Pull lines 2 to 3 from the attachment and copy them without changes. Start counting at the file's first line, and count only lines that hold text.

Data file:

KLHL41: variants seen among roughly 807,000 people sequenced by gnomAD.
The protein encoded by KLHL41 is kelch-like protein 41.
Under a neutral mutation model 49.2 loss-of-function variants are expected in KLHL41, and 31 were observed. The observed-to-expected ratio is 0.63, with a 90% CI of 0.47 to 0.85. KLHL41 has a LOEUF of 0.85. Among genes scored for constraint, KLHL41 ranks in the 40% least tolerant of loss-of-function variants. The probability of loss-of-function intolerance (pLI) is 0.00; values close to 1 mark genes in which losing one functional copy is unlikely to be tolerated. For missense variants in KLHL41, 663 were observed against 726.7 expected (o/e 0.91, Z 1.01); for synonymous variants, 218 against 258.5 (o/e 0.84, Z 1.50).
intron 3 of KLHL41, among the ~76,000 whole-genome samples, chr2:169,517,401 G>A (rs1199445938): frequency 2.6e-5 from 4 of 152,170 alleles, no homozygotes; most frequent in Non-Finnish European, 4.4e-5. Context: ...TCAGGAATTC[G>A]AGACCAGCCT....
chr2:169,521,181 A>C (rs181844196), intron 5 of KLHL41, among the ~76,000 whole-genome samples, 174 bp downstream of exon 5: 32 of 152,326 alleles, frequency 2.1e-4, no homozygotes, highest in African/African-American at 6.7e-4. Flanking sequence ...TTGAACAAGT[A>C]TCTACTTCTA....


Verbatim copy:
The protein encoded by KLHL41 is kelch-like protein 41.
Under a neutral mutation model 49.2 loss-of-function variants are expected in KLHL41, and 31 were observed. The observed-to-expected ratio is 0.63, with a 90% CI of 0.47 to 0.85. KLHL41 has a LOEUF of 0.85. Among genes scored for constraint, KLHL41 ranks in the 40% least tolerant of loss-of-function variants. The probability of loss-of-function intolerance (pLI) is 0.00; values close to 1 mark genes in which losing one functional copy is unlikely to be tolerated. For missense variants in KLHL41, 663 were observed against 726.7 expected (o/e 0.91, Z 1.01); for synonymous variants, 218 against 258.5 (o/e 0.84, Z 1.50).